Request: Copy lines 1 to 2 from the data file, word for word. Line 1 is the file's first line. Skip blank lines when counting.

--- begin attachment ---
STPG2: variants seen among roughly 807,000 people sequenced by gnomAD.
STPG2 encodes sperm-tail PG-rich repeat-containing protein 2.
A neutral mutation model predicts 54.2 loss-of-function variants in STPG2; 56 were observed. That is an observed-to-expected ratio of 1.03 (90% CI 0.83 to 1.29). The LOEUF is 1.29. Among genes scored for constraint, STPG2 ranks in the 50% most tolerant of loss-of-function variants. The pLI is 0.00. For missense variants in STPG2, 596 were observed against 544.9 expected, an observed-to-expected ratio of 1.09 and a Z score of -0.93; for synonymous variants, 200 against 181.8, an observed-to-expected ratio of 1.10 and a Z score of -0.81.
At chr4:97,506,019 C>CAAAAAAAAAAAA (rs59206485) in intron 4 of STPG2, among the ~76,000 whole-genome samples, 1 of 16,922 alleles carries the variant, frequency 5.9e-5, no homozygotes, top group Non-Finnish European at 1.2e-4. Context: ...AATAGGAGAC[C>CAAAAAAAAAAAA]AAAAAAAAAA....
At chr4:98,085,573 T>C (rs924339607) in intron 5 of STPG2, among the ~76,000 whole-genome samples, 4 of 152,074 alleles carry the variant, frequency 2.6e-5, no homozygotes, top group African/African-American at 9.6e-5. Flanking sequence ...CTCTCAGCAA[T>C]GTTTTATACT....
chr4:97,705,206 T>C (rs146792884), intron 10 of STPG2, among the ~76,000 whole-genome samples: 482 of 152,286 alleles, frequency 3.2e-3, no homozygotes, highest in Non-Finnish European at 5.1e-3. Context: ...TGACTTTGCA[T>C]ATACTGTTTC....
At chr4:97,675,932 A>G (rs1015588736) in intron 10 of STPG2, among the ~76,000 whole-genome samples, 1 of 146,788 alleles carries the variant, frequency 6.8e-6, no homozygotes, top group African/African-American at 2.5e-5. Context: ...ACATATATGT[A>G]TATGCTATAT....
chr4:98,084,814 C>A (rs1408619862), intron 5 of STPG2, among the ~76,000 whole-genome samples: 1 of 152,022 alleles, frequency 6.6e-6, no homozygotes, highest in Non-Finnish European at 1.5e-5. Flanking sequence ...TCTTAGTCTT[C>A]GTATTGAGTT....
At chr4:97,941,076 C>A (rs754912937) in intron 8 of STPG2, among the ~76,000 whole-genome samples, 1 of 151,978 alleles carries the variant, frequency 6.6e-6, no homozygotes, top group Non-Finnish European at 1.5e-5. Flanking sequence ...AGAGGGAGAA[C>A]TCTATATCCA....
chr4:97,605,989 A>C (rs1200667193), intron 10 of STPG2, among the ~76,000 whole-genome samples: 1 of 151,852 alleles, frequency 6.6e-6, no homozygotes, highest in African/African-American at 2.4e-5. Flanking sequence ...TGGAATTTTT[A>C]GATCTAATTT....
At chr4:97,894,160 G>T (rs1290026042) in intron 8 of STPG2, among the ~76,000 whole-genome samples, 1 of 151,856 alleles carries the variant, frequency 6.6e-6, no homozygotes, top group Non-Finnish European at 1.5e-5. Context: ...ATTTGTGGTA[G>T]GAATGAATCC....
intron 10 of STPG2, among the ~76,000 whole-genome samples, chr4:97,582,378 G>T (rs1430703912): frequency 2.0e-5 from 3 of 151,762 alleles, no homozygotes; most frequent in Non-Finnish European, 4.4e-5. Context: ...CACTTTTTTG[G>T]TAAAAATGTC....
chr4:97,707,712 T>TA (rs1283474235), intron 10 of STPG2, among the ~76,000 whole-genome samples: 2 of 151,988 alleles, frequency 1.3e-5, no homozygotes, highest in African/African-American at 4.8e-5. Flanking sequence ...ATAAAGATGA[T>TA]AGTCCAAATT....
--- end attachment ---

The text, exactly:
STPG2: variants seen among roughly 807,000 people sequenced by gnomAD.
STPG2 encodes sperm-tail PG-rich repeat-containing protein 2.